Concentrating solar power is poised on the cusp of a major advance as the goal of integrating grid-scale thermal energy storage appears within reach.

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What is a Climate and Energy Indicator? | Infographic

What is a Climate and Energy Indicator? | Infographic | green infographics | Scoop.it

This infographic is from the 2014 Environmental Performance Index. The Environmental Performance Index (EPI) ranks how well countries perform on high-priority environmental issues in two broad policy areas: protection of human health from environmental harm and protection of ecosystems. Within these two policy objectives the EPI scores country performance in nine issue areas comprised of 20 indicators. Indicators in the EPI measure how close countries are to meeting internationally established targets or, in the absence of agreed-upon targets, how they compare to the range of observed countries.

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The Most Bike-Friendly States In The U.S.

The Most Bike-Friendly States In The U.S. | green infographics | Scoop.it

Washington, Minnesota, and Wisconsin are the best states for cycling in the United States. Alabama, Montana, and Kentucky are the worst. States like Florida and New York fall somewhere in the middle.

That's according to The League of American Bicyclists, which every year ranks states on their friendliness to cycling. Washington keeps its No. 1 status from last year, with Wisconsin moving up five places. Montana has dropped 10 places to 49th. Meanwhile, California and Ohio are the most improved from 2013. The latter state is up 16 places, from 32nd to 16th.

Find more deatils at the link or see the full report and methodology here.

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Infographic: Are We on the Path to Peak Water?

Infographic: Are We on the Path to Peak Water? | green infographics | Scoop.it

Many scientists and experts fear that humanity is reaching the point of peak water — the point at which freshwater is being consumed faster than it is being replenished or available. In the infographic above we take a look at the amount of water use around the world. Can we cut back before we reach the point of no return?


Kylie Schultz researched, wrote and produced this infographic as a participant in the Ensia Mentor Program. Her mentor for the project was Ensia director Todd Reubold. Infographic design and layout byAmber Billings.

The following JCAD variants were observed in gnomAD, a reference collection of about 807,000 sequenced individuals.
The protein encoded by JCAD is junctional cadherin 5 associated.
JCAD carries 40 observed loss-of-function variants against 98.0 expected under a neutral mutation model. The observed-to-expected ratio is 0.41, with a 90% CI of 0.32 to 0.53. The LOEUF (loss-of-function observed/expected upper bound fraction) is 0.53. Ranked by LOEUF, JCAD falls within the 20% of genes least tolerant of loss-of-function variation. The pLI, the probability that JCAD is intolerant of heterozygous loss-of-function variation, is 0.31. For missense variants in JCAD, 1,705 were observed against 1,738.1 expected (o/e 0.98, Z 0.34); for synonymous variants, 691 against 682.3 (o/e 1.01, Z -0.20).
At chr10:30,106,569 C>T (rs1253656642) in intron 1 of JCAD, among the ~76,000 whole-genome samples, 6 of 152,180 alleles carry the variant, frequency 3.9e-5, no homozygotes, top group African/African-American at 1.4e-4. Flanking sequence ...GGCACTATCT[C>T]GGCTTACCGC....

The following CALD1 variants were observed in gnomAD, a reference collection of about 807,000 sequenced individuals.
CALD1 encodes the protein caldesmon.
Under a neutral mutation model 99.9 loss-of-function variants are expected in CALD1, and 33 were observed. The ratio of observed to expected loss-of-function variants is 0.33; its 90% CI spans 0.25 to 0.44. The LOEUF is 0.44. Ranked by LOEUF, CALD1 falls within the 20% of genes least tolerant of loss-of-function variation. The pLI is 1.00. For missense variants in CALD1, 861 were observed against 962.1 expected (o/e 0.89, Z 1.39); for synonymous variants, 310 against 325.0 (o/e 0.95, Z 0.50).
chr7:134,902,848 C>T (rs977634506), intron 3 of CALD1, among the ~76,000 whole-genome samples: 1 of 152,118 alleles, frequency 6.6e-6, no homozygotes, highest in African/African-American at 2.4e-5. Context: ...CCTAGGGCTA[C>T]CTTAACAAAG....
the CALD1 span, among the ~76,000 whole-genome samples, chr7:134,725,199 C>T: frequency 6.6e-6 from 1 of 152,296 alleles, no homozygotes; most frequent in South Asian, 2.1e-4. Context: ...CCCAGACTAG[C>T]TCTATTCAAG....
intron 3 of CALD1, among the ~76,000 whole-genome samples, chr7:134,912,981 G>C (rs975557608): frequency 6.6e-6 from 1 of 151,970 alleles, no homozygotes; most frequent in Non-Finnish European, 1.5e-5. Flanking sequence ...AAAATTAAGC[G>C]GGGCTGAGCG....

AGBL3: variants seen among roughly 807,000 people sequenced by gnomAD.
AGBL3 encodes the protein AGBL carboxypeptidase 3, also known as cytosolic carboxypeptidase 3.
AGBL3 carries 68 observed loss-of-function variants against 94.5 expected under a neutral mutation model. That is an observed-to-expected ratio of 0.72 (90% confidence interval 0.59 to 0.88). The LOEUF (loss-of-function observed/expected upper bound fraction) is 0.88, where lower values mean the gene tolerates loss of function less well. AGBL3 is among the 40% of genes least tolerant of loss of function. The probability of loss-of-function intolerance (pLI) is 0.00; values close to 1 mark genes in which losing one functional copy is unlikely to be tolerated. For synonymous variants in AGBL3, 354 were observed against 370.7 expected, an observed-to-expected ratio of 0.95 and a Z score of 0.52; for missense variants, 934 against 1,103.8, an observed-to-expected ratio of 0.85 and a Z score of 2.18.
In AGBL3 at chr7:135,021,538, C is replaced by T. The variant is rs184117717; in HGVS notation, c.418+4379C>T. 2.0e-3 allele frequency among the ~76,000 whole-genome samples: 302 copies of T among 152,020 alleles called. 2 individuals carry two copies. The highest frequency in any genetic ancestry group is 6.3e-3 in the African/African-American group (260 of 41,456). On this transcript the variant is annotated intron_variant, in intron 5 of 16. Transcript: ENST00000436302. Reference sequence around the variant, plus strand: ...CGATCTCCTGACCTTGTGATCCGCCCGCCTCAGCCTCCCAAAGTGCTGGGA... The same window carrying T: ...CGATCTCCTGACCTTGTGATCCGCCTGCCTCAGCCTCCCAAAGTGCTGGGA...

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Cities Leading the Way in Solar Energy [infographic]

Cities Leading the Way in Solar Energy [infographic] | green infographics | Scoop.it
Since 2002, the U.S. has increased its installed solar photovolatic capacity by a factor of 200. Which cities are leading the way?

The U.S. now has more than 200 times the amount of installed solar photovoltaic (PV) capacity than it did in 2002, according to a new report from Environment America, and the top 20 cities for this capacity contain more solar power today than the amount installed for the total country six years ago. "Shining Cities: At the Forefront of America's Solar Energy Revolution" looks at which metropolises were in the lead of PV capacity in 2013, and what cities top the country when it comes to capacity per capita. The top cities may not necessarily be the locales you expect, but this data may highlight potential markets that are hot for building PV installations.

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Solar Power Is A Huge Water Saver (World Water Day Infographic)

Solar Power Is A Huge Water Saver (World Water Day Infographic) | green infographics | Scoop.it

Every year since 1993, the community of nations has focused on the importance of fresh water and advocated for the sustainable management of freshwater resources. Severe droughts experienced recently in places like the American West, the Horn of Africa, Russia, China, and Australia have highlighted the fact that humans are rapidly using up the world's water supplies—and when they’re gone, they’re gone. We are spending one of our most vital resources in greater volumes every day.

One Block Off The Grid recently developed an infographic to illustrate how energy production depends on water. It shows water use by four of the most common energy sources: coal, nuclear, oil and gas, and solar. Solar comes out on top big time.

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Russell Roberts's curator insight, May 2, 2014 10:17 AM

Interesting infographic from Lauren Moss.  This graphic makes a strong case for solar power. It's about time Hawaii integrated more solar power into the grid.  With the adoption of "smart meters" and better grid management, we can lessen our dependence on imported oil for power generation.  Aloha, Russ.